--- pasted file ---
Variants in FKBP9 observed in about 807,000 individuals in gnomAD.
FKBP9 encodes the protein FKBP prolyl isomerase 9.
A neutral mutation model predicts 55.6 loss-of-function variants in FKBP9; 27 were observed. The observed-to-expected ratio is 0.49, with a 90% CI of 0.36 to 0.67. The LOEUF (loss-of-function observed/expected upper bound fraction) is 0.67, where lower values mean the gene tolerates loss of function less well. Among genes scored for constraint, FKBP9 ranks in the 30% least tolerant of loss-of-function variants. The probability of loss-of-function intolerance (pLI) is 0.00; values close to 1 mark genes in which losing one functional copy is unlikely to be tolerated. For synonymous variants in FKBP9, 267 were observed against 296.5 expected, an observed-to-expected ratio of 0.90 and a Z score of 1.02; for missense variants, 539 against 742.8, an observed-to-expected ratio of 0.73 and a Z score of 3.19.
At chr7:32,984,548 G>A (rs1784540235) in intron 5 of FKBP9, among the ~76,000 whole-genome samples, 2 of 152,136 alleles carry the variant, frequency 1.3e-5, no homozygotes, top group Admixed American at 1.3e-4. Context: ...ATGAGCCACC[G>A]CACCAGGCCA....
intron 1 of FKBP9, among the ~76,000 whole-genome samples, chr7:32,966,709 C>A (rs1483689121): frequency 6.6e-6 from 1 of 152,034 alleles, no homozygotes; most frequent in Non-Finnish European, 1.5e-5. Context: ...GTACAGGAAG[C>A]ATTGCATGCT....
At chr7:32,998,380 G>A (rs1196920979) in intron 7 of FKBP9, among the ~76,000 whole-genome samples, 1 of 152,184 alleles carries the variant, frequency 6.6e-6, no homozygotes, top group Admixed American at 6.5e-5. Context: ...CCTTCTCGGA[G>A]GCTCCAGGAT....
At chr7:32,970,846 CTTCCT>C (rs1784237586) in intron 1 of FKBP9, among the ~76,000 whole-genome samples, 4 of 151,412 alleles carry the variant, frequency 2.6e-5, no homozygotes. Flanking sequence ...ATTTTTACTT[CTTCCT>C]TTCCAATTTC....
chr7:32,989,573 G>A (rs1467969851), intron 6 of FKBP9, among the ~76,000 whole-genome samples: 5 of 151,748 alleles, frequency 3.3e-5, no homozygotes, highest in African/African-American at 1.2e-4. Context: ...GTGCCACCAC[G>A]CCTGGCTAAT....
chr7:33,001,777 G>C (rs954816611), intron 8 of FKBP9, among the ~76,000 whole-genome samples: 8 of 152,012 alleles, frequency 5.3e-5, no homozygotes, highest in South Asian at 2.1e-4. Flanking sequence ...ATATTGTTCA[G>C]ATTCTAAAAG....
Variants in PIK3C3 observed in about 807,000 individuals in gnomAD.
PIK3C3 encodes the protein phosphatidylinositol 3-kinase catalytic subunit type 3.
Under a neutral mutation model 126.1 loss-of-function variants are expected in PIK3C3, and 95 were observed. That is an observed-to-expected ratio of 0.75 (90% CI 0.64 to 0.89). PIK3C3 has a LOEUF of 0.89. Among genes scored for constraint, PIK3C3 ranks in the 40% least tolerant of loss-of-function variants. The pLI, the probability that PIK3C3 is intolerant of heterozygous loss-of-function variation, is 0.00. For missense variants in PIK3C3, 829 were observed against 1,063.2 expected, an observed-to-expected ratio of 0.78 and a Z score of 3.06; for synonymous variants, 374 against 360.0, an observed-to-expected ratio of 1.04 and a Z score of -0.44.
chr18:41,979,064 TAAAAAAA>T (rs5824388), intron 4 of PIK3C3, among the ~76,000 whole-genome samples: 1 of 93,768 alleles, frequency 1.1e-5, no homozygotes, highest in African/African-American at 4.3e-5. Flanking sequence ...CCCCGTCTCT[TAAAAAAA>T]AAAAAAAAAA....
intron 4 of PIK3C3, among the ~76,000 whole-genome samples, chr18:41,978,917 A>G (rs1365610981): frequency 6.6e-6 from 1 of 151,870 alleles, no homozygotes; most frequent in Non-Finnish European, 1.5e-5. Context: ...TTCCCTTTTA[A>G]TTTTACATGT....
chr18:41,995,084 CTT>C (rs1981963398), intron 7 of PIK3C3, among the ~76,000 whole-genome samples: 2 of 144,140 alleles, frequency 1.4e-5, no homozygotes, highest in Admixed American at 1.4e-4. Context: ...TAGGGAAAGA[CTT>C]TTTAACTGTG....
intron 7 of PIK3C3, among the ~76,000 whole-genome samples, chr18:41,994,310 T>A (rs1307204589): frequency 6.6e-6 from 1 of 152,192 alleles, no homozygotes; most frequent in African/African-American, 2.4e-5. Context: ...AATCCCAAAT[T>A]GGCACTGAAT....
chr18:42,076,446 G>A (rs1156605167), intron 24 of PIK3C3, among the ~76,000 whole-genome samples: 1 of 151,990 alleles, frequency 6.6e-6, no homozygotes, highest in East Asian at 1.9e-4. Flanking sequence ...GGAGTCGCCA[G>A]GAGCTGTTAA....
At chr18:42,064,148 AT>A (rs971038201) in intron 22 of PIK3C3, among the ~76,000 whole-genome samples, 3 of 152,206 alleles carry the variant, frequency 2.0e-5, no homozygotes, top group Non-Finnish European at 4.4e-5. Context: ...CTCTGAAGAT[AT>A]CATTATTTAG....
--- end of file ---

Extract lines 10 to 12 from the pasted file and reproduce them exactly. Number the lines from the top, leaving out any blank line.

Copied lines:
Variants in PIK3C3 observed in about 807,000 individuals in gnomAD.
PIK3C3 encodes the protein phosphatidylinositol 3-kinase catalytic subunit type 3.
Under a neutral mutation model 126.1 loss-of-function variants are expected in PIK3C3, and 95 were observed. That is an observed-to-expected ratio of 0.75 (90% CI 0.64 to 0.89). PIK3C3 has a LOEUF of 0.89. Among genes scored for constraint, PIK3C3 ranks in the 40% least tolerant of loss-of-function variants. The pLI, the probability that PIK3C3 is intolerant of heterozygous loss-of-function variation, is 0.00. For missense variants in PIK3C3, 829 were observed against 1,063.2 expected, an observed-to-expected ratio of 0.78 and a Z score of 3.06; for synonymous variants, 374 against 360.0, an observed-to-expected ratio of 1.04 and a Z score of -0.44.